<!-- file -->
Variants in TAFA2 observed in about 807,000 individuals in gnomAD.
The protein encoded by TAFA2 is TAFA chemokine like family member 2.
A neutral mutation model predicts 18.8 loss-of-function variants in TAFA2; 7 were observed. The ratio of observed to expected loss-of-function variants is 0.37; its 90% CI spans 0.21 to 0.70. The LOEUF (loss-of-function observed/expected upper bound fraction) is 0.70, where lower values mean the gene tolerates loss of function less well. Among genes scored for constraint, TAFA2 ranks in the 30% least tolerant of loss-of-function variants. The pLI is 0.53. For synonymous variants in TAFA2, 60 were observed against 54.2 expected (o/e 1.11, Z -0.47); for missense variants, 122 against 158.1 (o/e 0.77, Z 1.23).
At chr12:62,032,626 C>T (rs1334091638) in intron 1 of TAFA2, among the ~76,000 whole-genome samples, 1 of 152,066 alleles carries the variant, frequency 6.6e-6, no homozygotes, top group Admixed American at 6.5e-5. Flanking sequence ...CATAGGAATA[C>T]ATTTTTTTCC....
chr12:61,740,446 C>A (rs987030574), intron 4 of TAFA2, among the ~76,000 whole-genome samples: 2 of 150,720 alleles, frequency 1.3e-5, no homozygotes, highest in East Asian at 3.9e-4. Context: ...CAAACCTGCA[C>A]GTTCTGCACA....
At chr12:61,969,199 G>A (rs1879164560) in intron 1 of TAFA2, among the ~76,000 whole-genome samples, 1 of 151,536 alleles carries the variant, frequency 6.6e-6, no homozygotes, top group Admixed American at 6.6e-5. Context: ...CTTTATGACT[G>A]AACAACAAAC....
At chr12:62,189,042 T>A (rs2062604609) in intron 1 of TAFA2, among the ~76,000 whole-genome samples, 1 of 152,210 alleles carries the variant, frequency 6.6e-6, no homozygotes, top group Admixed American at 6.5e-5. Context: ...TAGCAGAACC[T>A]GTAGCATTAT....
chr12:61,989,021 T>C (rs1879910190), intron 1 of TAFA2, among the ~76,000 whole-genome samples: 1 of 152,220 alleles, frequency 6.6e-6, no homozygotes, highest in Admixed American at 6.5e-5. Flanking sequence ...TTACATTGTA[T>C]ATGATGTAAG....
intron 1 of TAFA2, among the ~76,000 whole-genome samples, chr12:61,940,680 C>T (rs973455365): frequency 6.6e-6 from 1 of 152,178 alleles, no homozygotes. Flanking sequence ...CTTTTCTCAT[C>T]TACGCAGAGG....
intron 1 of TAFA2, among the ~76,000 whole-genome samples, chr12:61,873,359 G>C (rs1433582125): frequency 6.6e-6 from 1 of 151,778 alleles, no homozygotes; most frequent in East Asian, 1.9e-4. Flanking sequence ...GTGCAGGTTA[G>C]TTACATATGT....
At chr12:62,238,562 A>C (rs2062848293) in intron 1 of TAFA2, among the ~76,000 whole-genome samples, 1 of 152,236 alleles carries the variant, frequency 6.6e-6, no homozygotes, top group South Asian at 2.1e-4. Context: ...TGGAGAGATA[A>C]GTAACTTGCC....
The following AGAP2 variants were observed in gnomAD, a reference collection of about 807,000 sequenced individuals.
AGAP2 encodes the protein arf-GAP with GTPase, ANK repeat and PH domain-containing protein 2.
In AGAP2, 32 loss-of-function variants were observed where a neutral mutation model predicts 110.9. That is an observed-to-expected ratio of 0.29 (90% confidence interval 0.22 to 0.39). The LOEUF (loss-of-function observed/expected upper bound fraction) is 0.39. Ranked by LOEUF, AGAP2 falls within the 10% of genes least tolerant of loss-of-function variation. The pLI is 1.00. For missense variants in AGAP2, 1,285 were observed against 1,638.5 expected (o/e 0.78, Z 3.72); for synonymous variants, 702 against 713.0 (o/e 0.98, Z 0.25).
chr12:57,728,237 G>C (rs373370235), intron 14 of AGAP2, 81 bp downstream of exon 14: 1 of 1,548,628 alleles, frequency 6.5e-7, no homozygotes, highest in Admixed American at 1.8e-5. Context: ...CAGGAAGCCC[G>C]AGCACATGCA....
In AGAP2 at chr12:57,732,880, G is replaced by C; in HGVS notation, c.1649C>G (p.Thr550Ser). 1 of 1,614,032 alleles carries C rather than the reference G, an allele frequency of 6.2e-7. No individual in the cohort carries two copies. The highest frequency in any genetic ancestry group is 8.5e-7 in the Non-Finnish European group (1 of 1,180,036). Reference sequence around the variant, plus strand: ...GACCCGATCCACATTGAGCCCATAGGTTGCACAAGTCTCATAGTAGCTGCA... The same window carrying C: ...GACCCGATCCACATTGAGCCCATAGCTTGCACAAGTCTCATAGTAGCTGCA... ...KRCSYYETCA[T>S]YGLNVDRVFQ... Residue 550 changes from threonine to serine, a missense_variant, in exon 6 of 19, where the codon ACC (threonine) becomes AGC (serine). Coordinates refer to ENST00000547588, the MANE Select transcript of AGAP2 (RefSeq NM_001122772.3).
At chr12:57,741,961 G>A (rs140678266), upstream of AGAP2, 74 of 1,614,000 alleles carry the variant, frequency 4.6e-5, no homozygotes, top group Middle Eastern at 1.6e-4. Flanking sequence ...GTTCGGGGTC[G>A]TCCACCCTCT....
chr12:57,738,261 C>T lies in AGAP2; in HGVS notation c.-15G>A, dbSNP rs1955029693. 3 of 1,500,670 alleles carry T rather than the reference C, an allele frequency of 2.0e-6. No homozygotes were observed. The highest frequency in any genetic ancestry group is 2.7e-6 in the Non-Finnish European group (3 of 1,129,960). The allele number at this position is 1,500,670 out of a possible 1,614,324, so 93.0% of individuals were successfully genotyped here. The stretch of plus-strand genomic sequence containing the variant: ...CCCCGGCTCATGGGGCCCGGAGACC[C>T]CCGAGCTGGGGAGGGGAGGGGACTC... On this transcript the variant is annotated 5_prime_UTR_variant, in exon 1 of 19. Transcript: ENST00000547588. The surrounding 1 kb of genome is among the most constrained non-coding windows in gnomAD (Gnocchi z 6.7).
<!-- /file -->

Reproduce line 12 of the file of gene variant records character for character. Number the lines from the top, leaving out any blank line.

The following AGAP2 variants were observed in gnomAD, a reference collection of about 807,000 sequenced individuals.